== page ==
Can treatment with beta adrenoreceptor blocking drugs reduce the risk of developing symptomatic osteoarthritis and requiring total joint replacement in the general population: a prospective cohort study using data from the UK Clinical Practice Research Datalink

  • Abhishek, A (PI)
  • Valdes, A (CoI)
  • Grainge, M (CoI)
  • Doherty, M (CoI)
  • Zhang, Weiya (CoI)
  • Mallen, C (CoI)
  • Mamas, M (CoI)
  • Townsend, Nicholas (PI)

Project: Research councilIndividual grant

Description

Osteoarthritis is the commonest form of arthritis and affects 15% people. It
is the leading cause of pain and disability. No specific therapy exists for
osteoarthritis and its treatment focuses on painkillers which can cause
troublesome and life threatening side-effects. Findings from several
laboratory studies suggest that beta-adrenergic blocking medicines (betablockers) used in the treatment of angina, hypertension, and irregular heart
beat can reduce osteoarthritis pain.

We recently demonstrated for the first time that patients with osteoarthritis
prescribed beta-blockers for these conditions have milder joint pain and
are less likely to be prescribed strong and potentially toxic morphine-like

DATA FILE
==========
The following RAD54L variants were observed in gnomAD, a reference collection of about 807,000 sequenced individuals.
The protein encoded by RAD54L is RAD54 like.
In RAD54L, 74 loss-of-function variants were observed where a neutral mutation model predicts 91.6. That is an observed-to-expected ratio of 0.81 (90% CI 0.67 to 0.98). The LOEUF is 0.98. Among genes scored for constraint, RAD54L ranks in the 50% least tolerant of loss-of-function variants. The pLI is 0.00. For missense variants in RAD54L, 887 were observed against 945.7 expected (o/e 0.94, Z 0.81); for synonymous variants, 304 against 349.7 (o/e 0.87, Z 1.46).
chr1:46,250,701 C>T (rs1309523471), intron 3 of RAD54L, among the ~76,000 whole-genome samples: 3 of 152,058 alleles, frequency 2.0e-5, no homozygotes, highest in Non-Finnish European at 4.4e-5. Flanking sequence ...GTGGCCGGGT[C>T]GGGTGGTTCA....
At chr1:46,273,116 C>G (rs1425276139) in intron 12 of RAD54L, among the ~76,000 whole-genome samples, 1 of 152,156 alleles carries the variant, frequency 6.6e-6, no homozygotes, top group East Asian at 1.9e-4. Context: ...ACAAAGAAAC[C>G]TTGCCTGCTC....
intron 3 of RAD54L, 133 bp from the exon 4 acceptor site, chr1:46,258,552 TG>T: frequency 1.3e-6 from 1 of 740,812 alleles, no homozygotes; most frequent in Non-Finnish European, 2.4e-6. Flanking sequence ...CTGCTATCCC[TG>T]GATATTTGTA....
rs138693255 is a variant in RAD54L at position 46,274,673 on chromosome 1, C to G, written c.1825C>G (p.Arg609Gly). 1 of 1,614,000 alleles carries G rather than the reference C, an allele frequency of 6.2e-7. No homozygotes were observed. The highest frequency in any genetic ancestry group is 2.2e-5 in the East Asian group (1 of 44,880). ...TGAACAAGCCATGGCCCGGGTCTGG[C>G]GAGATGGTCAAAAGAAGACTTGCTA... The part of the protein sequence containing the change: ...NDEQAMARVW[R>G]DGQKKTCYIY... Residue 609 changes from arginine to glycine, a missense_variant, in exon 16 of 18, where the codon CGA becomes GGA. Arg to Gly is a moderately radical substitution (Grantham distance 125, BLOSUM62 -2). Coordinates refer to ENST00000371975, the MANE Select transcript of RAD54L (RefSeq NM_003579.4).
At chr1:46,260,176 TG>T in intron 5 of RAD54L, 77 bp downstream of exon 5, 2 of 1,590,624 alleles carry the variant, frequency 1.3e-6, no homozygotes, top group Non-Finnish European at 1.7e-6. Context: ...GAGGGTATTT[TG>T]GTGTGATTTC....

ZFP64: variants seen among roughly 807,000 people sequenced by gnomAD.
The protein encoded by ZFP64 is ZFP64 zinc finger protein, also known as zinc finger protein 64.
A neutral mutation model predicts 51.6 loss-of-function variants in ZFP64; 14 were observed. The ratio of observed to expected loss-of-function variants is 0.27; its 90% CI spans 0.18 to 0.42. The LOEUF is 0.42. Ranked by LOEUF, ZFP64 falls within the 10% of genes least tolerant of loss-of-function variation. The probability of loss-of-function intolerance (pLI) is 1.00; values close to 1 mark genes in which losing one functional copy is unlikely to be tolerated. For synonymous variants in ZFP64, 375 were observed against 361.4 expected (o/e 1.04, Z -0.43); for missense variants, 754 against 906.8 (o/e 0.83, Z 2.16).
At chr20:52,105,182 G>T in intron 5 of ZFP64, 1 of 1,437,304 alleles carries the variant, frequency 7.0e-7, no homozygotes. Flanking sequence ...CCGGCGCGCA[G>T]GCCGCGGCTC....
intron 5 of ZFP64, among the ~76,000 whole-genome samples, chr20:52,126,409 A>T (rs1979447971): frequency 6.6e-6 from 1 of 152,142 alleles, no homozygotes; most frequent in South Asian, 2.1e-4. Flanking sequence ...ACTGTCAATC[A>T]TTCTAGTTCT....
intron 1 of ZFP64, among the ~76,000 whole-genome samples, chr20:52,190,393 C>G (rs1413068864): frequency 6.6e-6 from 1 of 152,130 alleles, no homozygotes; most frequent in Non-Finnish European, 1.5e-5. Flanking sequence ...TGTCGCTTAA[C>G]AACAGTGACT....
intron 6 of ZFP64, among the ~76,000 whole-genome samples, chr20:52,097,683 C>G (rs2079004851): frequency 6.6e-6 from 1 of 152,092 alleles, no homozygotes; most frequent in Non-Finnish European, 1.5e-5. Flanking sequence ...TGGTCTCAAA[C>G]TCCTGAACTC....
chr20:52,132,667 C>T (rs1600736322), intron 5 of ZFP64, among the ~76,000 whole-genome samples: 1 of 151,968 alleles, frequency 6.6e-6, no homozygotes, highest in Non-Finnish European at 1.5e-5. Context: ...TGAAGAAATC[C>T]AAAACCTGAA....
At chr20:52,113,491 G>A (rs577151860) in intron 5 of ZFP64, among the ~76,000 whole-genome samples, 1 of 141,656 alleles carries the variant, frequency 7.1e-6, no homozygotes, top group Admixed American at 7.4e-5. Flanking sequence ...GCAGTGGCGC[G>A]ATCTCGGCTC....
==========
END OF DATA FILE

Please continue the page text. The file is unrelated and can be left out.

painkillers. As patients in this study were elderly and recruited from
hospitals, we want to confirm these findings in community based studies
before conducting cumbersome and expensive clinical trials.
We will use data from the Clinical Practice Research Datalink (CPRD) for
this study. CPRD contains detailed anonymised medical information for 14
million people registered with a GP in the UK. Their data is collected at the
GP surgery during consultations and stored after reomving identifiable
information.

We will investigate if patients prescribed beta-blockers are less likely to
develop knee or hip osteoarthritis, require strong painkillers and joint
replacement surgery. We will identify people who have been commenced
on beta-blockers and do not have any form of arthirtis diagnosed or see
their GP for joint pain (group-A), or have osteoarthritis and have been
commenced on beta-blockers (group-B). Their risk for developing knee or
hip osteoarthritis (group-A participants), being started on strong painkillers
and requiring joint replacement surgery (group-B participants) will be
compared to similar adults not on this medication.
StatusActive
Effective start/end date1/06/1831/08/19